New Mexico artist Albert Handell uses pastels to respond both to the specifics of what he observes and to his emotional response: “I will eventually frame the painting, not the location I observe, so the image has to be more than an exact replica of the landscape.”
Christine Lashley gets a wide variety of responses — everything from rude negativity to nods from those in the know — when people discover that she paints with both traditional and water-mixable oils. Here are the benefits and the drawbacks as she has experienced them.
Believe it or not, value is actually more important than even this element to the design and success of a painting.
What makes a Sorolla a Sorolla? Any time two or more outdoor painters get together to talk about this master artist, they always agree on this one thing.
In this preview of “Urban Pastel Paintings,” Nancie King Mertz shows us how she approaches cityscapes. See why she says you can use the same approach with both oil and pastel paintings (and why she has become a devotee of pastel).
See how this outdoor painter considered her options for capturing a “Joyful Day” on paper at Acadia National Park.
Water as a featured element in painting has been used by artists throughout history. Here, John Slivjak explains four things artists need to consider when painting waves.
From pants to paint tubes, you’ll want to refer to this list for your next plein air painting trip. Bonus: It includes tips for flying with art supplies!
This advice from Johanne Mangi, one of the world’s top painters of dog portraits, will get you going in the right direction toward painting our canine counterparts.
John Hughes explains how this new way of seeing is key to your success, and the development of this skill will do more to further your advancement as a painter than anything else.
If you follow Lori Putnam at all, you probably realize she spends a fair amount of time on the road and in the air. That requires making sure she arrives with everything she needs safe and secure. Here are her top five preparedness tips for artists.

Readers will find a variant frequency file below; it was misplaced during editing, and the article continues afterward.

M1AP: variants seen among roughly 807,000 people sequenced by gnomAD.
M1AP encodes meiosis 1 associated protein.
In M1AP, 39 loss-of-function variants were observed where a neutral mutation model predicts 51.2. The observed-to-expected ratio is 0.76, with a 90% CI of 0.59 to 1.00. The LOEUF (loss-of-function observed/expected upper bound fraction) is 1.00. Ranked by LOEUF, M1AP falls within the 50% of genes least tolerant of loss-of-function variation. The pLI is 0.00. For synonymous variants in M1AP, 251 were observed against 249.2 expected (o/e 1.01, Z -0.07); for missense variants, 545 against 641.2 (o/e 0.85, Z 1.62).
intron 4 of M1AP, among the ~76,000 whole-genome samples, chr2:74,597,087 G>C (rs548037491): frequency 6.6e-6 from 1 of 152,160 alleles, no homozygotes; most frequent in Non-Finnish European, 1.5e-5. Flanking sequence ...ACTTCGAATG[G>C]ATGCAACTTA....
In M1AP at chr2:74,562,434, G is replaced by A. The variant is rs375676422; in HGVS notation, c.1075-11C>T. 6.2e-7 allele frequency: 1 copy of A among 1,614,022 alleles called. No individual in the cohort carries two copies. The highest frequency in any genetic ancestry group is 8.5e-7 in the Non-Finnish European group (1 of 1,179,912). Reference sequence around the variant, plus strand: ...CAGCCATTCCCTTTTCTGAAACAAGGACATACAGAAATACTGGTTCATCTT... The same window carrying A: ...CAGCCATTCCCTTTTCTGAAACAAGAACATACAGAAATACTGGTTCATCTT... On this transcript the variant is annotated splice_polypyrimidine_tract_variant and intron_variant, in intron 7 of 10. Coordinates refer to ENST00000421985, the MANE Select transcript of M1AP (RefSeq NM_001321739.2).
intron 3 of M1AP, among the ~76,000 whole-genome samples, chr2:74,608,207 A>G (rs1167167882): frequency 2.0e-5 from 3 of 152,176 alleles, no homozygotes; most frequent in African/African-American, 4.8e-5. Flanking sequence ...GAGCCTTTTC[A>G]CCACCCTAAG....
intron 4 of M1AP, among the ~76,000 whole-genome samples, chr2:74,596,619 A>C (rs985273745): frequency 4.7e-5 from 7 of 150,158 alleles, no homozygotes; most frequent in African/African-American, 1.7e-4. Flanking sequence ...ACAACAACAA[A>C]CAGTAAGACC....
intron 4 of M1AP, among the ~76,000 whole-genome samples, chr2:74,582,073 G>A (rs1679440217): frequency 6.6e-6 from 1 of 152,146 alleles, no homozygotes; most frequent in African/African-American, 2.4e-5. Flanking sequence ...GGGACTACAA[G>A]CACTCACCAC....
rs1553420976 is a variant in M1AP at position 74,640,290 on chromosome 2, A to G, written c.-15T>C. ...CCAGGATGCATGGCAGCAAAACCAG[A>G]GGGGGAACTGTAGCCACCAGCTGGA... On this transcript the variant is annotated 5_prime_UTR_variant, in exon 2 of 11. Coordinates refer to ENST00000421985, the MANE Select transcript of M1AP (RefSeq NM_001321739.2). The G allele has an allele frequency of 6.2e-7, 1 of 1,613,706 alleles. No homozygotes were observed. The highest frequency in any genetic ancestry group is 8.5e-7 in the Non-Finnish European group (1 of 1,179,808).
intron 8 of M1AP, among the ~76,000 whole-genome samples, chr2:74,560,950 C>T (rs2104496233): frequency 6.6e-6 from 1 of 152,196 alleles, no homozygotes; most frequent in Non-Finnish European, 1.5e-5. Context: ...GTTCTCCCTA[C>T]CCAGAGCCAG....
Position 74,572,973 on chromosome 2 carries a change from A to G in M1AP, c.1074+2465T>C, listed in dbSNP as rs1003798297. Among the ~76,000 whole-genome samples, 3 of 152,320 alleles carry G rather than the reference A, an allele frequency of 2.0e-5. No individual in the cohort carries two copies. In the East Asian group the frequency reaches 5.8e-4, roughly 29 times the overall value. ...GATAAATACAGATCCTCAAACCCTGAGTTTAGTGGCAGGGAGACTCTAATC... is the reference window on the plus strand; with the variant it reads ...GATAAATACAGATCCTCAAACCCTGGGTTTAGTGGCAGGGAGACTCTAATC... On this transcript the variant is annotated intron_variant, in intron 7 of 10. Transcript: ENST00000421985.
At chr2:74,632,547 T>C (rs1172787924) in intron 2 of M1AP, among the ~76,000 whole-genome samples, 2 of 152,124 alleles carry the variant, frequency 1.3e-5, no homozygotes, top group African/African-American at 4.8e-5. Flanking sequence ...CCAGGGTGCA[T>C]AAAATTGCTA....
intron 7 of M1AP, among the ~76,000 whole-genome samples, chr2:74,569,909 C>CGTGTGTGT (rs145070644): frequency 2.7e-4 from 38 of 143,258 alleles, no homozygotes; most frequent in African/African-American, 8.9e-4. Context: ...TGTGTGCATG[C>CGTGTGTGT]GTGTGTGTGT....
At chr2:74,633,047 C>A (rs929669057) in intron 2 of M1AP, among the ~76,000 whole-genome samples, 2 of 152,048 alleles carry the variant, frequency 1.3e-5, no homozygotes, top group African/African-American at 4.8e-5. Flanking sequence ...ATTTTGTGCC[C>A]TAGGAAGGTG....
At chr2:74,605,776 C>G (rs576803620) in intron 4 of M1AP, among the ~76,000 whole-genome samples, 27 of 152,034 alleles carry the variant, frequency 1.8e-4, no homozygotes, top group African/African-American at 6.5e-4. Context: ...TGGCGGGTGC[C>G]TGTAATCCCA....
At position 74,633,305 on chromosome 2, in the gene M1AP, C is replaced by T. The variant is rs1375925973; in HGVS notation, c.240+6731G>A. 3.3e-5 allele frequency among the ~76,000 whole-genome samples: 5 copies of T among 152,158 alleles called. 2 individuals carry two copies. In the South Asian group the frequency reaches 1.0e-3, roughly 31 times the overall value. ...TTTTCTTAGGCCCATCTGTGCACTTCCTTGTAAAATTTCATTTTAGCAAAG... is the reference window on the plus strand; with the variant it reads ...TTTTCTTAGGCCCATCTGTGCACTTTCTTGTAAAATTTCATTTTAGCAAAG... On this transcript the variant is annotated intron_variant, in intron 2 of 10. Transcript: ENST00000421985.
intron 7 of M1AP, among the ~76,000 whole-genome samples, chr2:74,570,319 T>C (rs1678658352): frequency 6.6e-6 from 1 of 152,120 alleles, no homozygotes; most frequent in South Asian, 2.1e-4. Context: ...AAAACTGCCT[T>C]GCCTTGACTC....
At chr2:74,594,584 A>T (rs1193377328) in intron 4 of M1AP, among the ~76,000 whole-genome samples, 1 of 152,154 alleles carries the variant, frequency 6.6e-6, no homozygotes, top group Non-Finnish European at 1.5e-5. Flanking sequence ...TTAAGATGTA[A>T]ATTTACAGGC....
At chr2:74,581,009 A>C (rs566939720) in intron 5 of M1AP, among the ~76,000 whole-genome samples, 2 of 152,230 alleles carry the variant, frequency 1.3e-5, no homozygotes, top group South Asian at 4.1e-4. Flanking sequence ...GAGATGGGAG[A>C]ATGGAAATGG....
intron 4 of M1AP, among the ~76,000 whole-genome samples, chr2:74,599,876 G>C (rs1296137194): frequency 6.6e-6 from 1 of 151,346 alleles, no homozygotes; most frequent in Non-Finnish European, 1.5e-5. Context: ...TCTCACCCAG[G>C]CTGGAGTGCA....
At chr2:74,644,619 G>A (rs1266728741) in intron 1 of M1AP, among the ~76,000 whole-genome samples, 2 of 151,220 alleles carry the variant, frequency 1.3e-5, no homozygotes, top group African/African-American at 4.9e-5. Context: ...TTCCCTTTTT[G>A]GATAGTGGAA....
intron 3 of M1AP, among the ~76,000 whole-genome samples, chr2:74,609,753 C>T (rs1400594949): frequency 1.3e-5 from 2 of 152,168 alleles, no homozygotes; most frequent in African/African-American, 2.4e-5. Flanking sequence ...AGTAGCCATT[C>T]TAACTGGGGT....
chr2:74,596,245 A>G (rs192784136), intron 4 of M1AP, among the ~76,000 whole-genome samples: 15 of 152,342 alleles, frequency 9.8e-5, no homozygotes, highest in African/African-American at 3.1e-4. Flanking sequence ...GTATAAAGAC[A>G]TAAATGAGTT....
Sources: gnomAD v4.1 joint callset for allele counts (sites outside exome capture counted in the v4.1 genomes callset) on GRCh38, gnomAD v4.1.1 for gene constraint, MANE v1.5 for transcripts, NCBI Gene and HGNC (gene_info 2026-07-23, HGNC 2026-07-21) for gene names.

Simply stated, when these three divisions are understood and put into practice, competent landscape paintings can happen.
Painting on large canvases out of doors is not for the faint of heart, as it requires a great deal of bravery and tenacity to get started. Curt Walters explains more in this guest blog post.
Ultimately, when you paint a landscape, you’re painting movement. The air moves, the light changes; it’s never static. Light and atmospheric forces act upon the components of the landscape to create a story, and it’s up to you as the artist to pick the story you want to tell...
It has been an exhausting and convoluted journey finding art materials that I am not allergic to.
Prolific artist Ken Karlic recently teamed up with Daniel Smith Watercolors to offer a comprehensive step-by-step look into his creative process. There’s lots to learn here.
Here are some more of my thoughts about the advantages of acrylic and plein air.
Today’s subject deals with the principle of contrast in the formulation of an effective design. So often, painting students are given a set of rules to live by and at the same time, not told why these so called “rules” exist.
The ideas presented here are reproduced from a paper I did for my painting class a few years back.
Because I’ve been painting so long, I use color intuitively. I just “feel” my color. I choose colors automatically and know which ones harmonize or contrast with each other depending on the effect I want. I have long since stored by paint-splattered color wheel deep in a drawer in my studio, ignoring the wealth of information hidden within it. I’m sure I learned all there was to know about color in high school or college, so what is the point?